Colleges May Be Violating CARD Act By Not Providing Copies Of Credit Card Agreements

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Although the number of agreements between credit card issuers and higher education institutions are on the decline, many of the schools that do have such agreements may be in violation of the Credit Card Accountability, Responsibility, and Disclosure (CARD) Act by not making those contracts publicly and readily available to consumers, according to a new investigation by a consumer group finds.

Consumers Union, the advocacy branch of Consumer Reports and colleagues of Consumerist, sent a letter [PDF] to the Consumer Financial Protection Bureau today raising concerns about the availability and continued lack of transparency regarding college and credit card issuer agreements.

The letter highlights a CU investigation that found several potential CARD Act violations by colleges and universities across the U.S. that have the largest active volume of student accounts.

The CARD Act, which was passed in 2009, provides several protections for consumers, one of which requires colleges that have credit card marketing agreements with financial institutions to make such agreements available to the public online or upon request.

Under such agreements credit card companies can issue debit or credit cards to students, while colleges and universities receive millions of dollars a year in royalties and bonuses by allowing said companies to use their logos and approach their students.

Following the CFPB’s annual report [PDF] on college credit card agreements that found nearly 80% colleges do not post their agreements online, CU conducted the informal investigation to see if members of the public could easily obtain copies of the agreements by calling the school’s main campuses and requesting the information – as required by the CARD Act.

“We found it can be challenging, if not impossible, for a member of the public to get information about college credit card agreements,” Suzanne Martindale, staff attorney for CU, says in a statement. “It just adds to the confusion and secrecy surrounding these partnerships.”

Colleges selected for the investigation were chosen because they have the largest active account volume and do not post agreements or information on how to obtain copies of agreements online.

Over a three-day period CU placed calls to the main switchboards at Yale University, Columbia University, Fordham University, University of Miami, University of Pittsburgh, Villanova University, University of Southern California, Northeastern University, Texas Christian University, and Saint Louis University.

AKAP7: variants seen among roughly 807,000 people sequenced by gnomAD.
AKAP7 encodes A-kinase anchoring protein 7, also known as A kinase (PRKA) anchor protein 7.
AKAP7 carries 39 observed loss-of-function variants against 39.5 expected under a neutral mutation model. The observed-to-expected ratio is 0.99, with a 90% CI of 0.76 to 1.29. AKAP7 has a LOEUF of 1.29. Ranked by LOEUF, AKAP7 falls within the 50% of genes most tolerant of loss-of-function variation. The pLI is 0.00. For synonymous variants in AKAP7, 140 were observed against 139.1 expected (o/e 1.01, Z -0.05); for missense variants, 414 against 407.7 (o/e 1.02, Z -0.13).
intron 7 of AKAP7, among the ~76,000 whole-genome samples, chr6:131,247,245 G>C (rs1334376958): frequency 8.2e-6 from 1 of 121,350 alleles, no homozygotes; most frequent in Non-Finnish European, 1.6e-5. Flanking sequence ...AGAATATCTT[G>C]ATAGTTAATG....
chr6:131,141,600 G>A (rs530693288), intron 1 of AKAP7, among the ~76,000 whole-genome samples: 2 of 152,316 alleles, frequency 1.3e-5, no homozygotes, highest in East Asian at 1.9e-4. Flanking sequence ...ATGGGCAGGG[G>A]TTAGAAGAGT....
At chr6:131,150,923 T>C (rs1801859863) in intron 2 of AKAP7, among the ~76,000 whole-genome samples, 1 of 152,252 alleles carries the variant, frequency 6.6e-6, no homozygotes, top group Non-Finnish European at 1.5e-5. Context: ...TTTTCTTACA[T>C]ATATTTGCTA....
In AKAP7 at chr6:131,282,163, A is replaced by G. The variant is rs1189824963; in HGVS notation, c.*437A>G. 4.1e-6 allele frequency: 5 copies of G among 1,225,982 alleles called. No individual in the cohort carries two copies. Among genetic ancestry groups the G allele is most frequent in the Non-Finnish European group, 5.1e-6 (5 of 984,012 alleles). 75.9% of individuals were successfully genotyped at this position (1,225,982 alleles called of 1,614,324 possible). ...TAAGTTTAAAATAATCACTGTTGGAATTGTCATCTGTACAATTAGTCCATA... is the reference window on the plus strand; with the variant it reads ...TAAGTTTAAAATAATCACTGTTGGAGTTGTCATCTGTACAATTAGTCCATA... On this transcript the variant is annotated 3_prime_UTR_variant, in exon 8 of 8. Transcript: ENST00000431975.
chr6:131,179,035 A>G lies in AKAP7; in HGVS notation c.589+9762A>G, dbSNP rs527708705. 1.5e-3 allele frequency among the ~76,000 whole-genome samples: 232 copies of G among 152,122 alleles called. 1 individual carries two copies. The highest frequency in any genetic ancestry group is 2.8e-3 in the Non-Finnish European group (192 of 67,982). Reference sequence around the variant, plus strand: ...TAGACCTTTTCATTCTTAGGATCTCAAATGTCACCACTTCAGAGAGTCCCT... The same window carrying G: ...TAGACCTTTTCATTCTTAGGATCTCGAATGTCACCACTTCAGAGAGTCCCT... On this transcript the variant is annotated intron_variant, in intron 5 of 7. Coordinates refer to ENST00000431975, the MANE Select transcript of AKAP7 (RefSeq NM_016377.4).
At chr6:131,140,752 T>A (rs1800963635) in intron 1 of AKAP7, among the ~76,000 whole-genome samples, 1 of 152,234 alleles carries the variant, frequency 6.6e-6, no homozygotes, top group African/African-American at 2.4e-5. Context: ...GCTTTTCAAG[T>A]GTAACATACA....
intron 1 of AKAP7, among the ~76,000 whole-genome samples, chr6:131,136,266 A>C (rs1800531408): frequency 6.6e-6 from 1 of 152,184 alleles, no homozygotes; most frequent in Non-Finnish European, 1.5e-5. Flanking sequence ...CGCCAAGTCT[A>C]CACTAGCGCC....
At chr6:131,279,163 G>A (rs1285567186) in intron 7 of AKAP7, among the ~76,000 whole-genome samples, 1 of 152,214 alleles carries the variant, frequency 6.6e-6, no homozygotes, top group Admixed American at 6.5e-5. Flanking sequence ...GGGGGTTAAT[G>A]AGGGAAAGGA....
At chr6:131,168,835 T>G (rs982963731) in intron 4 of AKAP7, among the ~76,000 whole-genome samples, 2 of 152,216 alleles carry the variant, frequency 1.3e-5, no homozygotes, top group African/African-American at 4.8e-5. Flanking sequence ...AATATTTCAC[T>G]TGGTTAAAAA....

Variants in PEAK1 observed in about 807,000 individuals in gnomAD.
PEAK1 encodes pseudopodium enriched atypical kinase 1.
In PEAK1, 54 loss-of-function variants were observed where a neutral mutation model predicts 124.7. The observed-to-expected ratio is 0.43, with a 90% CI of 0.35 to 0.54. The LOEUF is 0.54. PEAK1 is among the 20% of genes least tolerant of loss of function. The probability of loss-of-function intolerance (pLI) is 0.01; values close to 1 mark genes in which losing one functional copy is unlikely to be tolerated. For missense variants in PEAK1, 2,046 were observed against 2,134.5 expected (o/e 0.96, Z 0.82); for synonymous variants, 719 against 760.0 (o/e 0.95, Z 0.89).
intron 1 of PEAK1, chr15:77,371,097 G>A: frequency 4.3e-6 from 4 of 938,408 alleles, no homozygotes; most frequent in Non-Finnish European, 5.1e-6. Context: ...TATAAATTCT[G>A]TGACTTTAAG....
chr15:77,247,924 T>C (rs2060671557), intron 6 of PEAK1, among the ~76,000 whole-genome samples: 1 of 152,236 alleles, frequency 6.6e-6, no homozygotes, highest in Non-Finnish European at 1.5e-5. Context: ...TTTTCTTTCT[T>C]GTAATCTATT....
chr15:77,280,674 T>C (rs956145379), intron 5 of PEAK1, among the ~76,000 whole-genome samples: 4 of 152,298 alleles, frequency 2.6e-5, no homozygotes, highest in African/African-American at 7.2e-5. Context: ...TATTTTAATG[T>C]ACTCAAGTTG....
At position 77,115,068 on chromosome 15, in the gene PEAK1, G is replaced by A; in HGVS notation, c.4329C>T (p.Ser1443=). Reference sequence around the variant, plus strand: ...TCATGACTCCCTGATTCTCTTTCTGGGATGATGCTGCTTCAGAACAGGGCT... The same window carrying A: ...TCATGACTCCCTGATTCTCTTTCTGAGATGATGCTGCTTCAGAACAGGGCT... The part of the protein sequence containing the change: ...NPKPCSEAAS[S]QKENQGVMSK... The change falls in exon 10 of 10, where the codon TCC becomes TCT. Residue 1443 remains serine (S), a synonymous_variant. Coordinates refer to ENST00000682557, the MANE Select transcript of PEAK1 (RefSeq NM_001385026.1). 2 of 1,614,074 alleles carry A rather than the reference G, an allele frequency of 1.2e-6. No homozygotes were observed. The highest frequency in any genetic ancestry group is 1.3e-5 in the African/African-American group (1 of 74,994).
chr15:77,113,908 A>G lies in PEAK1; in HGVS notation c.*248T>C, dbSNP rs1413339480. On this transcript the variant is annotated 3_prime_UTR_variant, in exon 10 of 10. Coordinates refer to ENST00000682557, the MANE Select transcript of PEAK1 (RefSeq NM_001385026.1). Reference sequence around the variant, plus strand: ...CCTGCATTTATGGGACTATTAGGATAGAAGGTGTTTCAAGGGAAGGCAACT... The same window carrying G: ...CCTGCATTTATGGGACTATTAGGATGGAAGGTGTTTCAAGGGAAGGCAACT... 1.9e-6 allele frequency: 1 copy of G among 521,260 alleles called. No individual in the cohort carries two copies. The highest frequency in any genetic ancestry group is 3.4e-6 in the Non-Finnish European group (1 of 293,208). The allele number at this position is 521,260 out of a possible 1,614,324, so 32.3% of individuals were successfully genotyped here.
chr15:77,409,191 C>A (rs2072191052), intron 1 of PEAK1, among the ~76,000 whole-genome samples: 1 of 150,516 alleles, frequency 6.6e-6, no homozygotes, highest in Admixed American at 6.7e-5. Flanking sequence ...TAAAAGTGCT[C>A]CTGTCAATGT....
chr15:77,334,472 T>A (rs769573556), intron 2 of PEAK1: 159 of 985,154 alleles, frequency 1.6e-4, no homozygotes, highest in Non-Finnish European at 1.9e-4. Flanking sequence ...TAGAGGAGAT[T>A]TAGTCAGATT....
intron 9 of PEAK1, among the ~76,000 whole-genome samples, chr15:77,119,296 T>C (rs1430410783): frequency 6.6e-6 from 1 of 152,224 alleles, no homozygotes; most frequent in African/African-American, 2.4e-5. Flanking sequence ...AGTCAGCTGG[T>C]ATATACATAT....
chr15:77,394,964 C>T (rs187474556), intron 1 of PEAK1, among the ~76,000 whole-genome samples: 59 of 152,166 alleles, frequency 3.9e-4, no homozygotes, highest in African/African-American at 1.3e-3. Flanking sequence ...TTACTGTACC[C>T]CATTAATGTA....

A majority of the schools have agreements with Bank of America, while USC has an additional agreement with USC Credit Union and Yale partners with Chase.

CU reports that none of the 10 schools provided information or copies of their credit card agreements.

Additionally, none of the campus switchboard operators who spoke to CU had any knowledge of what a college credit card agreement was and could not provide definitive information on which office might be able to respond to the requests.

According to the letter, office staff at two of the 10 campuses said they did not believe the school even had a credit card agreement with a particular financial institution.

And operators at six of the 10 campuses transferred or directed CU staff to call two or more departments, none of which were able to provide information on the agreements.

Some of the offices the advocates were instructed to contact appear to have little to do with student finances including Dining Services, Parking and Card Services, Student Activities And Human Resources.

Other departments including Student Affairs, Student Financial Services, Financial Aid, and the Registrar, which could reasonably have knowledge of the agreements, were also unable to provide information to CU.

The advocates tell the CFPB that the investigation’s findings provide an example of the roadblocks faced by students and members of the public who want to exercise their right to obtain information about agreements between their schools and financial institutions.

“If your school makes a deal with a bank for a card like this, you have a right to know the details,” Martindale, the CU attorney, says.

In light of the investigation’s findings, CU urged the CFPB to continue to implement the CARD Act and actively promote compliance at all colleges and universities that hold agreements with credit card companies.

“Schools clearly need to step up and make sure they follow the law,” Pamela Banks, senior policy counsel for CU, says in a statement.

Consumers Union to CFPB: Some colleges may be violating credit-card law [Consumers Union]

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